As more reference searching does take place electronically, the fledgling librarian must be proficient in traditional databases. In many libraries, print reference sources have been superseded by packaged databases by ProQuest, Gale, and EBSCO. Graduate LIS programs should probably require one course in electronic database searching, comparative databases, and fundamentals of the library-vendor relationship. Familiarity with the databases available at one library can benefit the astute librarian in other libraries, as many academic and public facilities contract with the same vendors and offer the same or similar products. Advanced database savvy and the ability to instruct users in search methods can go a long way toward serving the mission of any library.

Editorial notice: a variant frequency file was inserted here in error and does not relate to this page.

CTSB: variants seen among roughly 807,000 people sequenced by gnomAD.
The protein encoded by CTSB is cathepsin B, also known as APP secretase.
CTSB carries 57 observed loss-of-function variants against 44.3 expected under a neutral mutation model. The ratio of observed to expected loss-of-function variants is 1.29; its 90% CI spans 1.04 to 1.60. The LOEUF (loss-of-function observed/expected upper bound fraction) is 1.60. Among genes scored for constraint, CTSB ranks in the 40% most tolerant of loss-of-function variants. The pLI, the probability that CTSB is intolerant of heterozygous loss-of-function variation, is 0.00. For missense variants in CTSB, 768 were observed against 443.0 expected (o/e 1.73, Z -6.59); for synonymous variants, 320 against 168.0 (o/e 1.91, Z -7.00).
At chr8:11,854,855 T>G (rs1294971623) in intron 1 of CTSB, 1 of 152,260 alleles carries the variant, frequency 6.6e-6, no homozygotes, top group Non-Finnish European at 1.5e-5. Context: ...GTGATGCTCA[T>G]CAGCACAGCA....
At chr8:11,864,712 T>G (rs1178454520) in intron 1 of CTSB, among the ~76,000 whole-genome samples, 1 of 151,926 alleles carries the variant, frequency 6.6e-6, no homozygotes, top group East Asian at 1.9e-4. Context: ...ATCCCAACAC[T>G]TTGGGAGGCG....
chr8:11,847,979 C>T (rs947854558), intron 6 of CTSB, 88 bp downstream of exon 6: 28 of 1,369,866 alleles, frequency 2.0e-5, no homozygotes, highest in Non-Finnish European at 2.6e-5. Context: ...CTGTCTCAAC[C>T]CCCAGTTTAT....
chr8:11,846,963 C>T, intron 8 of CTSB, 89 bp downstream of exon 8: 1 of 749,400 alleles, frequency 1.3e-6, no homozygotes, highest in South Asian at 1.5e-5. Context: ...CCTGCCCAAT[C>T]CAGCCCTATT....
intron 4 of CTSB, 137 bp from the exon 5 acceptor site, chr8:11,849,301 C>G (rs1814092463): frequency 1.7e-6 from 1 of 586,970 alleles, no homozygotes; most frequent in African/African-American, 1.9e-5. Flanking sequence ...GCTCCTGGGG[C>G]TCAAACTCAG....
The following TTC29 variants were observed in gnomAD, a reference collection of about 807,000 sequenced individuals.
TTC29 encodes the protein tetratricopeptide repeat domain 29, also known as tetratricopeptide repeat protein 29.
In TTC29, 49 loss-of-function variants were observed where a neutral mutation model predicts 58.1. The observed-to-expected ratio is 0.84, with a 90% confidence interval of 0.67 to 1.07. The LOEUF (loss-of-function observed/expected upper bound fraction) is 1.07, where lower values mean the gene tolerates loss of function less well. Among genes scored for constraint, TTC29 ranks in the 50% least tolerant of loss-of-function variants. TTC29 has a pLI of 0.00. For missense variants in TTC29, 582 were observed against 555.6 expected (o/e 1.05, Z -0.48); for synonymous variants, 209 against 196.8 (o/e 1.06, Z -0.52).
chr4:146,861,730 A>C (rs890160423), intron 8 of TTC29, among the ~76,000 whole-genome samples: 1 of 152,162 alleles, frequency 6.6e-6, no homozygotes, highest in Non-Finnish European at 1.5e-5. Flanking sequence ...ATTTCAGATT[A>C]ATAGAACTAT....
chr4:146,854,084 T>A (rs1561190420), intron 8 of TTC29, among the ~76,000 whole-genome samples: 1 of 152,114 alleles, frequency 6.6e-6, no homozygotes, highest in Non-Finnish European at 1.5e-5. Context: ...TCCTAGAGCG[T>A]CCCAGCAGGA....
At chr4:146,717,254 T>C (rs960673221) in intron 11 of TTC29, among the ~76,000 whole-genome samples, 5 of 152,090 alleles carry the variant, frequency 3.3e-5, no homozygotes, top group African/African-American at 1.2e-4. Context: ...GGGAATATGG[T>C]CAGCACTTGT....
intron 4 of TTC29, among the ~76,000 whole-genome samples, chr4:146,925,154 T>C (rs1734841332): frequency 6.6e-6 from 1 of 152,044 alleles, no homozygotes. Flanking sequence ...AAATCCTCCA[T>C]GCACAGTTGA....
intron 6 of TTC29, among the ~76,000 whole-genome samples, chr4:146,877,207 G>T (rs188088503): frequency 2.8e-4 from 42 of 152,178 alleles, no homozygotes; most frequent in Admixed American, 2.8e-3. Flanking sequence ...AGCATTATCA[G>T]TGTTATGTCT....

In addition, the Internet, for all its imperfections as an information resource, is utilized daily by researchers and librarians in every type of facility. All librarians must be able to judge the reliability and integrity of Web-based information. Still, there remain those library school graduates who have developed fair proficiency in finding information on the Internet but lack the facility to critically evaluate the sources they find. As Internet publishing increases exponentially, an understanding of the information landscape and when to apply which information sources is essential. New librarians must not only be capable of discriminating among Web sources. They should also have a sense of what kind of information they might search on the Internet and what they would more appropriately search on a library database.